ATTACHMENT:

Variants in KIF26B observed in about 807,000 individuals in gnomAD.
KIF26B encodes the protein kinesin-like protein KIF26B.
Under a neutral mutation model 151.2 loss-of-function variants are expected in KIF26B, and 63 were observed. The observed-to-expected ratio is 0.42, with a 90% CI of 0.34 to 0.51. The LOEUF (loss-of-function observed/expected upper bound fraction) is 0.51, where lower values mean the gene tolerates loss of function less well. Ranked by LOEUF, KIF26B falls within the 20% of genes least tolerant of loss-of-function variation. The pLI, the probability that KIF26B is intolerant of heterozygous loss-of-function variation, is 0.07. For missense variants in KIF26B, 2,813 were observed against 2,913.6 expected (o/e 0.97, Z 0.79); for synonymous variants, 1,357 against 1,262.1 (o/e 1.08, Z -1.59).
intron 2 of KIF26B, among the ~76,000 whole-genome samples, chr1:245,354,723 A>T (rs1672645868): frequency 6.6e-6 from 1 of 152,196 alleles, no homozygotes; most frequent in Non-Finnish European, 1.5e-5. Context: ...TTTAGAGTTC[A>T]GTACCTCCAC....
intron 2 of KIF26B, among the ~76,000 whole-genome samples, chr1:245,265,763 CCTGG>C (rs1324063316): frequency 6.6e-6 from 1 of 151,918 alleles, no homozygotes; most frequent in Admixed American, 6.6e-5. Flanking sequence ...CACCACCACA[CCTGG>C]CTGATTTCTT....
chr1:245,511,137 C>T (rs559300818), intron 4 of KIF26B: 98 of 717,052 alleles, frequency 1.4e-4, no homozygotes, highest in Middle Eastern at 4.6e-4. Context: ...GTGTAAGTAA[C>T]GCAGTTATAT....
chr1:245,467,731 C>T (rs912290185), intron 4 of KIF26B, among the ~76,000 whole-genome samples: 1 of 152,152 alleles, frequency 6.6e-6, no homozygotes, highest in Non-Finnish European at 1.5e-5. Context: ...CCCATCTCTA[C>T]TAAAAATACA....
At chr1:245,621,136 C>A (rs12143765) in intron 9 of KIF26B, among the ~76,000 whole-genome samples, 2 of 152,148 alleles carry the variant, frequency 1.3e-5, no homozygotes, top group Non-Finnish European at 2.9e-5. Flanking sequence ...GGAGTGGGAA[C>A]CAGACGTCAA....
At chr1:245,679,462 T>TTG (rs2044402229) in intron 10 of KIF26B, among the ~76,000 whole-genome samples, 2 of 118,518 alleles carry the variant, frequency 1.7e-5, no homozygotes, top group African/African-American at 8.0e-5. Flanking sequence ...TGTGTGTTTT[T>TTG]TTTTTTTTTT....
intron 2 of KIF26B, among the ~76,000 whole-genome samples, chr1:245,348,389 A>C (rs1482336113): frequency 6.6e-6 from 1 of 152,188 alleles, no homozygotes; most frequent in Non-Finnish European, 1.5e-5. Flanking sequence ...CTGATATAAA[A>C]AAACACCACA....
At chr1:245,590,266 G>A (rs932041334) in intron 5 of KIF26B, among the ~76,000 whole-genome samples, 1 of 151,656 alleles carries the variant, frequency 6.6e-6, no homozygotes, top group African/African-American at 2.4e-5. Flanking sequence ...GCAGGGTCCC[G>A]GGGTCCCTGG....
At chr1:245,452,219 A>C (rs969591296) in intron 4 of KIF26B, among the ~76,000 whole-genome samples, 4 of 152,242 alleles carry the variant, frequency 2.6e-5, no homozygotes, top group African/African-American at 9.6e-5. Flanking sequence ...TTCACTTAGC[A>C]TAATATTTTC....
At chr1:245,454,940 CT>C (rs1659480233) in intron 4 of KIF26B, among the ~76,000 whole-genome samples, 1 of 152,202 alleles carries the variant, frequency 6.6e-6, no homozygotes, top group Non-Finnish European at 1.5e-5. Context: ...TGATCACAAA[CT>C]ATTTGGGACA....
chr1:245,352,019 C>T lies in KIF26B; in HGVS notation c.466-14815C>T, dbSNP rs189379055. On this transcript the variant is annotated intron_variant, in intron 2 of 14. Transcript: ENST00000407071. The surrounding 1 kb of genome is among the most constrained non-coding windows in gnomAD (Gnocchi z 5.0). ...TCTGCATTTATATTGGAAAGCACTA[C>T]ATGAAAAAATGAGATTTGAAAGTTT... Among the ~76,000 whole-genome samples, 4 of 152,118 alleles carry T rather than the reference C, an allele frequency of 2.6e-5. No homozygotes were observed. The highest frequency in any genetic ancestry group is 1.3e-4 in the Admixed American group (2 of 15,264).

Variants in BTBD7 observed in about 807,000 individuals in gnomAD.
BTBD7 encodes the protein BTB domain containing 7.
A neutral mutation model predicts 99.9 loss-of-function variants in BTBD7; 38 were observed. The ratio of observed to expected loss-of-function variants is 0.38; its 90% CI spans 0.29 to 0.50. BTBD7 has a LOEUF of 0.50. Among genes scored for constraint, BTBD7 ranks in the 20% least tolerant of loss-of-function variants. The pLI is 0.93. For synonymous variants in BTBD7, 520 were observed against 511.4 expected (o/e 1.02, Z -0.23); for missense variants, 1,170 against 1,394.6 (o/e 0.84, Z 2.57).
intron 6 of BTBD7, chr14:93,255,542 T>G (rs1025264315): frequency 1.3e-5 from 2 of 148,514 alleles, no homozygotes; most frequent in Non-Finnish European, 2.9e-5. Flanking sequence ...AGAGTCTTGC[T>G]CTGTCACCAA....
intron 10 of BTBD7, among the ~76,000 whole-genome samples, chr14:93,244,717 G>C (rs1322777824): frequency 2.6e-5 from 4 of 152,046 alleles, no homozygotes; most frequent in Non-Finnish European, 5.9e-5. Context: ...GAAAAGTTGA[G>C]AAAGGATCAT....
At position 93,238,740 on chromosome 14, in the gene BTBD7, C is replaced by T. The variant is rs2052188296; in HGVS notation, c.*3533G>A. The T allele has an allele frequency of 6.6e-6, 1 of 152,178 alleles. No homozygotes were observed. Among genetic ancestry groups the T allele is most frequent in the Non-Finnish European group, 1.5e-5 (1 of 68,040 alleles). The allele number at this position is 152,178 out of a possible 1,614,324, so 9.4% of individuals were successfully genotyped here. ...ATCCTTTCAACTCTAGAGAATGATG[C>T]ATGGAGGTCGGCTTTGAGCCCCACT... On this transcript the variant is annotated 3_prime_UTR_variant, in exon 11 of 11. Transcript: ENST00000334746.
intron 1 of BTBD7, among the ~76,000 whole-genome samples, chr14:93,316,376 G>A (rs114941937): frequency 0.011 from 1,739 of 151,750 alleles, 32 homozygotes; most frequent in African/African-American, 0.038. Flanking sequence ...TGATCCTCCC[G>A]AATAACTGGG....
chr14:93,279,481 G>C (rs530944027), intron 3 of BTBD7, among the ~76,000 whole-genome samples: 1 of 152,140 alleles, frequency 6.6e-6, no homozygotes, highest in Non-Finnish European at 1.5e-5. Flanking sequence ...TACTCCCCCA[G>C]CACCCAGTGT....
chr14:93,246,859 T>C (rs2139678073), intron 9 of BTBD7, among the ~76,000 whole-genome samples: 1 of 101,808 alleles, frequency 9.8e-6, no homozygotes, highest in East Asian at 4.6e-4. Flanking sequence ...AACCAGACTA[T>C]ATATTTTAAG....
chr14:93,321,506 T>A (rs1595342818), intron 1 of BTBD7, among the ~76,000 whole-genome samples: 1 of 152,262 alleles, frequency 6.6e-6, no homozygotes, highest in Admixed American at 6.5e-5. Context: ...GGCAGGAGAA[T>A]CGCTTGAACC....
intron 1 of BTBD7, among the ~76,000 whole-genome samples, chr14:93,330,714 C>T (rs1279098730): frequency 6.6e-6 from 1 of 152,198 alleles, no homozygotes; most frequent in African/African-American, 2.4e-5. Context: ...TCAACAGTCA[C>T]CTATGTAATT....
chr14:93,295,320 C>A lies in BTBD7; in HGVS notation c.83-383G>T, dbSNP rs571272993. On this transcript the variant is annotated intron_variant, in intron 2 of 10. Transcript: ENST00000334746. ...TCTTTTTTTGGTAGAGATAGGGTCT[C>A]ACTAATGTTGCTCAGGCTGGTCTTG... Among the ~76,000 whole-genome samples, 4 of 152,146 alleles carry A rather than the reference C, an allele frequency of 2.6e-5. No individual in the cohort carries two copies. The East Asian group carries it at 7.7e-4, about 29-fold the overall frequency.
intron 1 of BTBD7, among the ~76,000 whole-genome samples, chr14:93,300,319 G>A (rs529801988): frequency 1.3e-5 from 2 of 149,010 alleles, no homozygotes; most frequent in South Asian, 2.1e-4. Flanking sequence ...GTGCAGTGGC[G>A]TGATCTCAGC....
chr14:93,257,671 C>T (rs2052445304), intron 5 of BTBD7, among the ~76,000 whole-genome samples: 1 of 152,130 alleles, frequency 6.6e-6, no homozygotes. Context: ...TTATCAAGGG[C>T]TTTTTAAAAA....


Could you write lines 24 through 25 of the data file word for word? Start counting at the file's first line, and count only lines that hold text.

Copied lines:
chr14:93,321,506 T>A (rs1595342818), intron 1 of BTBD7, among the ~76,000 whole-genome samples: 1 of 152,262 alleles, frequency 6.6e-6, no homozygotes, highest in Admixed American at 6.5e-5. Context: ...GGCAGGAGAA[T>A]CGCTTGAACC....
intron 1 of BTBD7, among the ~76,000 whole-genome samples, chr14:93,330,714 C>T (rs1279098730): frequency 6.6e-6 from 1 of 152,198 alleles, no homozygotes; most frequent in African/African-American, 2.4e-5. Context: ...TCAACAGTCA[C>T]CTATGTAATT....